My Story

I was 28 years when we had our first son, the labour was long, I didn’t feel supported or respected by some of the key medical staff involved with my labour which left me feeling inadequate.  Our son finally arrived after 72 hours by forceps delivery, healthy and beautiful. My experience during my labour feels like it had some bearing on my later depression.

My son suffered terrible colic from 5pm until midnight, just about every night he would cry inconsolably, he would also often become distressed travelling in the car capsule. I had 19 stitches which did not heal for several weeks and was so painful I needed to use a foam ring to sit.

I think we must have been just prior to the readily available wisdom such as osteopath treatments for babies, there seemed to be so much more information by the time our third son was born and who knew that ultrasound could heal stitches I didn’t until some weeks later. I did ask and anti-colic medicines, your baby will settle when you are calm, he will settle at 3 months ‘like a light switch being turned on’ and saline swabs and salt baths for your peritoneum, and just relax into this new life and… were suggestions I remember being given.

My Mum came over from NZ just prior to our son’s birth for 6 weeks, she was amazing but then she returned home. I realised how big the Tasman sea was and I utterly grieved the loss that I had not until then fully realised; not having my Mother easily with me, for my son not having his Granny and for her loss not being close by. My husband is an only child and didn’t want to live in NZ, our life was in Australia.

After Mum left I became incredibly tired, our baby cried most nights in pain with colic he would calm if he was nuzzling on my breast but then that seemed to make his colic worse. I was so lonely, I didn’t feel I was a good mother, I just began crying, I had no joy. I loved my son but I don’t remember having feelings of peacefulness, calmness, confidence, love or care for myself. I remember a girlfriend saying to me you need to tidy up your bedroom and keep on top of keeping Ryan’s space hygienic, I must have been letting a lot of things go, I remember feeling like I was barely coping.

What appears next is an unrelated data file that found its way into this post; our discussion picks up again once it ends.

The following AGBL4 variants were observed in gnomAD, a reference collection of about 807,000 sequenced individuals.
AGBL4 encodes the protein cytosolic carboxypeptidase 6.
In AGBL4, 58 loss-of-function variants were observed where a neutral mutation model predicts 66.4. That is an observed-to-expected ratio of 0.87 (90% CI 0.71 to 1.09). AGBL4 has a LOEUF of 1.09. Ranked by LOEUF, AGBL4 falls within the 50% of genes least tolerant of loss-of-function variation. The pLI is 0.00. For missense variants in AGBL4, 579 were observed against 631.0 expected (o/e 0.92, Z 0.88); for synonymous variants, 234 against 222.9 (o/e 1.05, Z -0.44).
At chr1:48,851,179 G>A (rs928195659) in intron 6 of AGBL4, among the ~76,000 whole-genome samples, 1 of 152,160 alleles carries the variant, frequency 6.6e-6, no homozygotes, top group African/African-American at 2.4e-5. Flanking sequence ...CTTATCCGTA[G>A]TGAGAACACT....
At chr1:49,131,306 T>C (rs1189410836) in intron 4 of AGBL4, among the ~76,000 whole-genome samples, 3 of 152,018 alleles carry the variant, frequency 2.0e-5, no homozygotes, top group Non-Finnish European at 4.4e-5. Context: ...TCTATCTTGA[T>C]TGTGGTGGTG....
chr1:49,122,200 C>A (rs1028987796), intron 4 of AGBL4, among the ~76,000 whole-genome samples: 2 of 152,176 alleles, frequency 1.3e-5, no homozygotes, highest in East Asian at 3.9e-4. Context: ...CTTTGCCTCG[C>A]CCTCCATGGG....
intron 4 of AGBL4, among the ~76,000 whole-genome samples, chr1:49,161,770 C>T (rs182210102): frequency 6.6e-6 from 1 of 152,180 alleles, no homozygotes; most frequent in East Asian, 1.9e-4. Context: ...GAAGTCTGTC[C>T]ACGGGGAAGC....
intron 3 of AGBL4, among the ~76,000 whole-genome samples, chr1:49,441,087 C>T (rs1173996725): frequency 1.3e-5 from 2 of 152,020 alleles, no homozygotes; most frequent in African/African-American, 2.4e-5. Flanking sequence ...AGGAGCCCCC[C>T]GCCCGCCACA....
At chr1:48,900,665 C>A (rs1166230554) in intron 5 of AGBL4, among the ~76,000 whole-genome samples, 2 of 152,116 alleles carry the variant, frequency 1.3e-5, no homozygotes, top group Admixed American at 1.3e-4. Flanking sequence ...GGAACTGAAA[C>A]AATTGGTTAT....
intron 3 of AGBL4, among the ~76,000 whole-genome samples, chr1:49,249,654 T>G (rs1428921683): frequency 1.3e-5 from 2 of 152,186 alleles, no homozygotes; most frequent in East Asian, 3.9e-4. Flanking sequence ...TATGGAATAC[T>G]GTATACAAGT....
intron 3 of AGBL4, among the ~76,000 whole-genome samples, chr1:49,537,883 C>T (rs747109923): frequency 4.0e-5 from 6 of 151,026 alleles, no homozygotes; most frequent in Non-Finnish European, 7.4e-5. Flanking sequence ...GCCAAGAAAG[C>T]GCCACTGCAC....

I would put a brave face on, we would go out, I had friends, cousins, my sister had just shifted from up North to an hour away and had a daughter 3 months later. I was just so sad and honestly no longer knew who I was or much else.  My husband thought it was our relationship and that perhaps I wanted to leave him.

I would spend hours at home alone with Ryan crying, I remember hiding in the back garden so not to see my neighbour or answer the front door. But if someone was around the brave face would be back on and I think I thought that if I could still do that then I was ok. Really, I so was not, it’s hard to understand now how I could have possibly thought I was.

I had left my work as a youth worker heavily involved in the developing youth field in Perth to have our first son. We had decided I would be a full time Mum and stay home, so mixed in with it all was a sense of loss of professional identity; I don’t know if I had returned to work whether that would have helped. I did do some casual facilitation work but I didn’t follow up on offers for other work. I remember some working friends saying to me they would go crazy ‘just’ being a stay at home Mum – I was left feeling ‘less than’.

I am writing this and crying – for myself and my son. Because I hid myself it felt like I had no one even though around me were people who loved and cared for me. All I can say is I wish I had connected with someone honestly, got support, I wish I had wept with someone. I hope anyone reading and relating to any of this finds the courage to.